import { useQuery, gpl } from "@apollo/client";

const GET_FOODS = gpl`

    query Food {

        foods {

            title

            body

        }

    }

`;

useQuery(GET_FOODS);

This query hits the GraphQL server, ApolloClient caches the results and the result is displayed.

Now, we can read and write data to the cache, this queries will only be on the cached results, it will never hit the GraphQL server. The queries will only be on the data we previously fetched above.

Reading from the cached result

We can read from the cached result by using the readQuery API. This readQuery enables us to execute a GraphQL query on our data.


client.readQuery({

  query: qpl`

        query QueryFood($id: Int){

            foods(id: $id) {

                body

            }

        }

    `,

  variables: {

    id: 4,

  },

});

This query will return the food with id 4 from the results that was returned in the above section. This QueryFood query will not hit the GraphQL server, there won't be any network rrequest at all.

If the cache is missing any fields readQuery returns null, it won't attempt to query the GrsaphQL server.

We can write data to the cached result by using thd writeQuery API. To write a new food to our cache result we do this:


client.writeQuery({

  query: gql`

    query WriteFood($id: Int!) {

      foods(id: $id) {

        id

        body

        title

      }

    }

  `,

  data: {

    todo: {

      __typename: "Food",

      id: 51,

      title: "Coconut Rice",

      body: "Coconut Rice",

    },

  },

  variables: {

    id: 51,

  },

});

writeQuery will create a new food object with id of 51 in the cached results.

These changes to the cached results will not be made in the GraphQL server, it is only done locally in the cache. Also, if there is another food object in the cache with an id of 51, writeQuery will overwrite the existing object with the new food object.

We can combine reading and writing to queries. this is done using the cache.modify(...) method.

This allows us select an object from the cached result and make modifications to it. It is just like calling readQuery to select a particular object from the cache and then calling writeQuery on the object to modify.

Example:


const foodObject = {

  id: 5,

  body: "Coconut Rice",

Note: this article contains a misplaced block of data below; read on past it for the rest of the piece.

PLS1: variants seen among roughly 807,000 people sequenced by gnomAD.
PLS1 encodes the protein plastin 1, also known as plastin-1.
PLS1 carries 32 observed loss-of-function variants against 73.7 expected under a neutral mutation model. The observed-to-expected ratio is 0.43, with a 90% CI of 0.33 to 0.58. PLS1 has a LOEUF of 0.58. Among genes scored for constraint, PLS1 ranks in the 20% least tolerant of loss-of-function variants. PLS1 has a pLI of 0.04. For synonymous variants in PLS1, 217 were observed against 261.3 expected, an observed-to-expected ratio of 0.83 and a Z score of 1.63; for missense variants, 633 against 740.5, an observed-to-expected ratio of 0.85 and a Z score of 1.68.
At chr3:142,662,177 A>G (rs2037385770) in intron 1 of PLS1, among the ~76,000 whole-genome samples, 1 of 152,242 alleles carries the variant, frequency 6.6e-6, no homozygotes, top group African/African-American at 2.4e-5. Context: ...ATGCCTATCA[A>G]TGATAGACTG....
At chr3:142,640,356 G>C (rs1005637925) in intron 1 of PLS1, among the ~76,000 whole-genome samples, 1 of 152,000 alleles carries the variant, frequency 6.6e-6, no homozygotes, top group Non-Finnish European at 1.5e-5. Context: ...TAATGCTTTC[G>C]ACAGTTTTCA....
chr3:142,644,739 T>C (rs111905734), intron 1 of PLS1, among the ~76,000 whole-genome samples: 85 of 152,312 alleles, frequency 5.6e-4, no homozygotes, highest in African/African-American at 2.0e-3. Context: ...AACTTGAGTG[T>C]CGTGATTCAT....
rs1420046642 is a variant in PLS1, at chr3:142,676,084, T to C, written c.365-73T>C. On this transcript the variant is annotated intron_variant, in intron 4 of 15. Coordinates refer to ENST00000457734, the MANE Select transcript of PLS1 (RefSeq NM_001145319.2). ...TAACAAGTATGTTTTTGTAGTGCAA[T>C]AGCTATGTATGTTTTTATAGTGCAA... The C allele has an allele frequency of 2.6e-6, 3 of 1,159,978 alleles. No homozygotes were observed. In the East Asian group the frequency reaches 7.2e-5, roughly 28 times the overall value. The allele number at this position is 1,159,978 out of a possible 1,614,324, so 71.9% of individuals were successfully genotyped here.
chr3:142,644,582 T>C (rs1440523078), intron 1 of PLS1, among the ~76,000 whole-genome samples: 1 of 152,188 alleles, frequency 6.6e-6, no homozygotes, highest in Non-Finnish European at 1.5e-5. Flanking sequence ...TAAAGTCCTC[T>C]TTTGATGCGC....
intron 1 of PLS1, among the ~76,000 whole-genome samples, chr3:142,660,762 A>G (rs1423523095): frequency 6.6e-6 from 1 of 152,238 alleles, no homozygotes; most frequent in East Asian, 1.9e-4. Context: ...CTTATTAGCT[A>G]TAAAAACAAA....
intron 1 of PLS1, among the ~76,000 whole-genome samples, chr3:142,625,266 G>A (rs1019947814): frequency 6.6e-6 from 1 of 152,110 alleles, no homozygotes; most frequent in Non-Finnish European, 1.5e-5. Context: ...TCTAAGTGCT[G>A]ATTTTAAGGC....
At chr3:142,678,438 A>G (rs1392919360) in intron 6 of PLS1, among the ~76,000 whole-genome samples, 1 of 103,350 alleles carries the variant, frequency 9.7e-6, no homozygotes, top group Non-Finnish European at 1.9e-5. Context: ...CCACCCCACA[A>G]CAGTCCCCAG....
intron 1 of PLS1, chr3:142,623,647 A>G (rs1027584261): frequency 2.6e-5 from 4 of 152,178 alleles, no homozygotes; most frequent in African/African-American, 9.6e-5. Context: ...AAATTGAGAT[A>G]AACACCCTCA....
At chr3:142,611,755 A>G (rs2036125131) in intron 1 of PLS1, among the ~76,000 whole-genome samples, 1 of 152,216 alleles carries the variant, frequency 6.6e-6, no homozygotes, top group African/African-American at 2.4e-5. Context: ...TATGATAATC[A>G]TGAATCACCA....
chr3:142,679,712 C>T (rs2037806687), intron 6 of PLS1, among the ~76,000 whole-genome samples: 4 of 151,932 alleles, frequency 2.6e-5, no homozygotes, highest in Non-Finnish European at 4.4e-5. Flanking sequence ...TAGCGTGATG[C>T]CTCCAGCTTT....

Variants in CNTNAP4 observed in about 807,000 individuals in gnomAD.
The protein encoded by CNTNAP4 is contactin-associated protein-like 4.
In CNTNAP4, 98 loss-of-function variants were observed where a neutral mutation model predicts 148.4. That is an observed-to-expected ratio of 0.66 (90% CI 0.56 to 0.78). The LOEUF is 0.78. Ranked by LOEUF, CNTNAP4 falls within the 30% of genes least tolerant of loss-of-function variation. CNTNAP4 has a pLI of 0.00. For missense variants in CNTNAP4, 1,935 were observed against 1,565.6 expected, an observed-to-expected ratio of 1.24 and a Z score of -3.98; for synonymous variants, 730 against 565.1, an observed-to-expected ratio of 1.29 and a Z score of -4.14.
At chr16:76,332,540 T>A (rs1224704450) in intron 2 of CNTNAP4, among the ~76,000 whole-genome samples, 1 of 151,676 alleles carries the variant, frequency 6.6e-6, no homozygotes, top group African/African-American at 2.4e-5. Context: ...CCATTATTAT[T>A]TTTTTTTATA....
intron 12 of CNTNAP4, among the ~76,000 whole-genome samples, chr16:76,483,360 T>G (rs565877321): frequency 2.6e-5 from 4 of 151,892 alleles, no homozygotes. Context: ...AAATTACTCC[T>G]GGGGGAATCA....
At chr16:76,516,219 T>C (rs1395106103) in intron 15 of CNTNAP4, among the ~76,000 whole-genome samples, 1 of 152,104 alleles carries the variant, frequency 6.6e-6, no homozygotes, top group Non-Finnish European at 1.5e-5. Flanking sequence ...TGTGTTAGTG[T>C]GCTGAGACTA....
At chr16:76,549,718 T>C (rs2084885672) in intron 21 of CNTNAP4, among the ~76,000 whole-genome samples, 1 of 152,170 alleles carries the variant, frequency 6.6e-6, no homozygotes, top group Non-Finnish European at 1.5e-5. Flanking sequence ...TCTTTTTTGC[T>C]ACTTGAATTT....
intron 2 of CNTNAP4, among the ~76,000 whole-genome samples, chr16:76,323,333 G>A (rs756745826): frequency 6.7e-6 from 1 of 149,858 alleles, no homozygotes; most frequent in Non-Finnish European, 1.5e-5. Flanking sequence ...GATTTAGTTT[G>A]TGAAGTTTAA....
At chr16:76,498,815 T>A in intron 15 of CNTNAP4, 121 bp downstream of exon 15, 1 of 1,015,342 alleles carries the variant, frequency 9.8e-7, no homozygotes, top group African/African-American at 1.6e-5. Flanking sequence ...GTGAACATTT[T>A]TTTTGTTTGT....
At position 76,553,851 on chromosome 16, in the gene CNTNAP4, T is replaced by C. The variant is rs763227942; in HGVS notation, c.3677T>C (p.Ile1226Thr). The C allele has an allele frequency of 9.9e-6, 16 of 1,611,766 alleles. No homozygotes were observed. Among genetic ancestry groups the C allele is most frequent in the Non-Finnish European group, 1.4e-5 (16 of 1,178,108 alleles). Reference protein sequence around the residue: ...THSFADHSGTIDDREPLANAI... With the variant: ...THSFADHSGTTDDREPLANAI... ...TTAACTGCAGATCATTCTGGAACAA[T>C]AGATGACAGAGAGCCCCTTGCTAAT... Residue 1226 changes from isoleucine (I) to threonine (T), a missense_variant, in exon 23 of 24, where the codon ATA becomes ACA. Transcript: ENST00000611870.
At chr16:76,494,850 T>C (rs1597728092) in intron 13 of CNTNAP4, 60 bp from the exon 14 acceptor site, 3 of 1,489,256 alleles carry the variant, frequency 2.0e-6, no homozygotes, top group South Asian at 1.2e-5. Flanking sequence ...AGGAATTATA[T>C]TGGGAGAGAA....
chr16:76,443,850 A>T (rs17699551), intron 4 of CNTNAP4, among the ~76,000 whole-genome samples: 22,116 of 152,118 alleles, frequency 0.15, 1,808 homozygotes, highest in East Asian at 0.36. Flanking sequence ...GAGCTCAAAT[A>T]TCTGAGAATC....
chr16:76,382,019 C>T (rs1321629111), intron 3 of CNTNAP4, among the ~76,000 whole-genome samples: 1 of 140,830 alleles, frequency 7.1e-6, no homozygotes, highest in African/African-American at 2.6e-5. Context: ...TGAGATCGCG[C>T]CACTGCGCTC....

title: "Coconut rice",

};

cache.modify({

  id: cache.identify(foodObject),

  fields: {

    body(cachedName) {

      return "White Rice";

    },

  },

});

The id property is the ID of the food object in the cache result we want to modify. The ID is gotten by passing the object to the cache.identify(...) method.

In the fields object, it will contain modifier functions one for each field in the food object. In the above code, we are changing the body filed in the food object to now contain "White Rice".

Server-side caching: ApolloServer

Most of the caching we discussed has been client-side caching whereby the cache resides in the client and the response is got from the cache with the request reaching the GraphQL server.

Now, caching in GraphQL can be done server-side. This means that the GraphQL server can be configured to fetch the response from its cache in the server without running the resolvers.

This caching is perfectly in ApolloServer. Caching in ApolloServer is configured on a per-field basis.

What does this mean?

It means that each field in a query/mutation schema can be cached. This ensures the result of the field is not calculated after the first request.

The caching is done by setting a maxAge value to a field. The maxAge is the maximum amount of time a field's value is valid or the maximum amount of time a field's value will expire or become stale.

It is just like expiry dates on products. The expiry date tells the consumer the date a product will become un-consumable or ineffective and can be dangerous to the body and environment.

This is the same thing as what the maxAge specifies.

Once, a maxAge is set on a field, the ApolloServer looks up the maxAge value o each request and calculates if the maxAge has passed or is still viable. If the maxAge is still viable, the response of the filed is gotten from its cache. If the time has passed, a new response is calculated for the field, the response will not be from the cache.